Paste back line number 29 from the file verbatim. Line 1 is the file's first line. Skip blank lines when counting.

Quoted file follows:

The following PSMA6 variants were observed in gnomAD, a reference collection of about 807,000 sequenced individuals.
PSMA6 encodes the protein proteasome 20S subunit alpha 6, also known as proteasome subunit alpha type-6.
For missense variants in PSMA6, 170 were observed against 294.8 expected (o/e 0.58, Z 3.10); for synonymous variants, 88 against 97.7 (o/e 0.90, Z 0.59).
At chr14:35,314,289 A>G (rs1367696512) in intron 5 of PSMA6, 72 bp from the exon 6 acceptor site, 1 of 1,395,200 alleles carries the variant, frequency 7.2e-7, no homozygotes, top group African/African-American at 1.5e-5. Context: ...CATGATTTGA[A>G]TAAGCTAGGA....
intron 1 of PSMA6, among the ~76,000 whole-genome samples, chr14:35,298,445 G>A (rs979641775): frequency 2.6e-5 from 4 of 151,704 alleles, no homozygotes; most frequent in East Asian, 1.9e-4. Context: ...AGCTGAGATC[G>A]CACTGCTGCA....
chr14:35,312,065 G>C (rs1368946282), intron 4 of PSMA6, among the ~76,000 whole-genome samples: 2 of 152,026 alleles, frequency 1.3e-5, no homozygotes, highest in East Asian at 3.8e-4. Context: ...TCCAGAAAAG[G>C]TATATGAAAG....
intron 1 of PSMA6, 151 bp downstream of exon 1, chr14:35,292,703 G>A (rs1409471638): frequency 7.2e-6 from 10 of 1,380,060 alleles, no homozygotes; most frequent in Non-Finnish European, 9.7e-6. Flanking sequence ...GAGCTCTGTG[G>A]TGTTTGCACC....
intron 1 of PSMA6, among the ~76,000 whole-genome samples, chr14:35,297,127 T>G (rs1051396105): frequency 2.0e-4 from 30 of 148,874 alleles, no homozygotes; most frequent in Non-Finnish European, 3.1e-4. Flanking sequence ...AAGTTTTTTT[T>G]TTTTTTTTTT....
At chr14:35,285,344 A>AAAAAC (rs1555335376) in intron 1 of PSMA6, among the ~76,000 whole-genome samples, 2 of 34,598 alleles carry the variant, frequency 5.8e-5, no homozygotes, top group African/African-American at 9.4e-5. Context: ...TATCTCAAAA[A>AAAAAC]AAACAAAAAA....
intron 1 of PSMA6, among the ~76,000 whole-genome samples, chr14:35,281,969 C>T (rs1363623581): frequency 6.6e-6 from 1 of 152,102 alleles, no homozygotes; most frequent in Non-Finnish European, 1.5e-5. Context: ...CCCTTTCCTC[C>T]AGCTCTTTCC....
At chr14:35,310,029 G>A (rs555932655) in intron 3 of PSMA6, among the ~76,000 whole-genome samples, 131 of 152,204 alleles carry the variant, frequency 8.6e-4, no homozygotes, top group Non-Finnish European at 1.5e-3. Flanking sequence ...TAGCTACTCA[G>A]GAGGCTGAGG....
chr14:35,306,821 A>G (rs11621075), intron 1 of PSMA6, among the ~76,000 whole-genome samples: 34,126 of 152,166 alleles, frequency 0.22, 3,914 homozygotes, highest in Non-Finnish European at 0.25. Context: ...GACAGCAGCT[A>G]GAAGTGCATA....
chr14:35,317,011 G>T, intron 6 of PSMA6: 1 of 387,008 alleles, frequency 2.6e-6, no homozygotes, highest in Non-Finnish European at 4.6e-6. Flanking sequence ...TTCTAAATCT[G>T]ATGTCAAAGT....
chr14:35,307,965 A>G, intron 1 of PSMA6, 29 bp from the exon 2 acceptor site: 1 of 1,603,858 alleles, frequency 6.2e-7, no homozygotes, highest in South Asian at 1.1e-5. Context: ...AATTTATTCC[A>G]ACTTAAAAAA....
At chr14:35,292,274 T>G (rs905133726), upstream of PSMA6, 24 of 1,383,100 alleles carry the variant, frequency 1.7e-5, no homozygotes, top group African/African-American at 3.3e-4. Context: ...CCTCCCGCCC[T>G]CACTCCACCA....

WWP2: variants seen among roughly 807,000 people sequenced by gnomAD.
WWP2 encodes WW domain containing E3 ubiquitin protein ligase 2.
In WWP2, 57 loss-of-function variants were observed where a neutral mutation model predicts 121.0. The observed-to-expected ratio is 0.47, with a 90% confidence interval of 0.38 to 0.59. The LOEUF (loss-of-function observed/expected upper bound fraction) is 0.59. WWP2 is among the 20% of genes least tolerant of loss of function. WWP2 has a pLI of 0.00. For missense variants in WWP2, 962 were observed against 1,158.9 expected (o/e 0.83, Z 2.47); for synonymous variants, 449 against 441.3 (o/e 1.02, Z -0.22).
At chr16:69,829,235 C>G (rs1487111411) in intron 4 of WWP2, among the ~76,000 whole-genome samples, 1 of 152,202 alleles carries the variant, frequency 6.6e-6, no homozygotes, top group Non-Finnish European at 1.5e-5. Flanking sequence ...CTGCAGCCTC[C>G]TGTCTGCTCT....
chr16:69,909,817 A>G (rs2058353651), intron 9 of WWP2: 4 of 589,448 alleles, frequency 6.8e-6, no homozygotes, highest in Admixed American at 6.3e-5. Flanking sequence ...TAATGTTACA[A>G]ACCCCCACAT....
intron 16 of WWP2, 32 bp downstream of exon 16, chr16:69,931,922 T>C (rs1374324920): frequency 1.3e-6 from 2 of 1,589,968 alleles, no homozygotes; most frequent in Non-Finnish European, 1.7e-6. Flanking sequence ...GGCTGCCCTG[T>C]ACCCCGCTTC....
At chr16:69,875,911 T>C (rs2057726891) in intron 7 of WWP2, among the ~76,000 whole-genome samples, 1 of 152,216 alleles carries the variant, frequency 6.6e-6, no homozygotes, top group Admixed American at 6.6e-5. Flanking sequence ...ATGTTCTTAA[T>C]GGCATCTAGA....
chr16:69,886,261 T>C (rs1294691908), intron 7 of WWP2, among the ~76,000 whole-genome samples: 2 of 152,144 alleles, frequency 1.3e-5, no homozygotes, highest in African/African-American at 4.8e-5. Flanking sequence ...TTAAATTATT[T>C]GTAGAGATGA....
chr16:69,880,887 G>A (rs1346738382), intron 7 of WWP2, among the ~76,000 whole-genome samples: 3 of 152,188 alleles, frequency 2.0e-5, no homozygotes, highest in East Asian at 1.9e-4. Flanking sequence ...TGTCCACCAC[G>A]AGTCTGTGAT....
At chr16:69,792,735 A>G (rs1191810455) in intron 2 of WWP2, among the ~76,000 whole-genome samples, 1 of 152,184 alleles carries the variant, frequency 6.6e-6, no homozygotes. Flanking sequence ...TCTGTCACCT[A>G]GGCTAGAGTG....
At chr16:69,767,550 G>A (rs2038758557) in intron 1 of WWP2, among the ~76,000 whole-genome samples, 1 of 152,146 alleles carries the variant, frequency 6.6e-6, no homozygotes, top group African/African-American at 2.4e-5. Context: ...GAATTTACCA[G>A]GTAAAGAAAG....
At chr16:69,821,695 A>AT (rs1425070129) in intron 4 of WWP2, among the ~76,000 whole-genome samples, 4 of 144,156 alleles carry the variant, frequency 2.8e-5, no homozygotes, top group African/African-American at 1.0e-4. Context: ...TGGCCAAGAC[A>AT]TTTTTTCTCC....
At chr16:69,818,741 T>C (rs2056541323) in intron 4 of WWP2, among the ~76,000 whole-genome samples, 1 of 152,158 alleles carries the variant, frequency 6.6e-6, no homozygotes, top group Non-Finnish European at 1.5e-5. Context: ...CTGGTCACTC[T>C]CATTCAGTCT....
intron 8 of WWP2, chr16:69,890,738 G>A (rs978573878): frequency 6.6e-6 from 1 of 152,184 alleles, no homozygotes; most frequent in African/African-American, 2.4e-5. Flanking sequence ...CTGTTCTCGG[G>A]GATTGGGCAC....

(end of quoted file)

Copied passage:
intron 8 of WWP2, chr16:69,890,738 G>A (rs978573878): frequency 6.6e-6 from 1 of 152,184 alleles, no homozygotes; most frequent in African/African-American, 2.4e-5. Flanking sequence ...CTGTTCTCGG[G>A]GATTGGGCAC....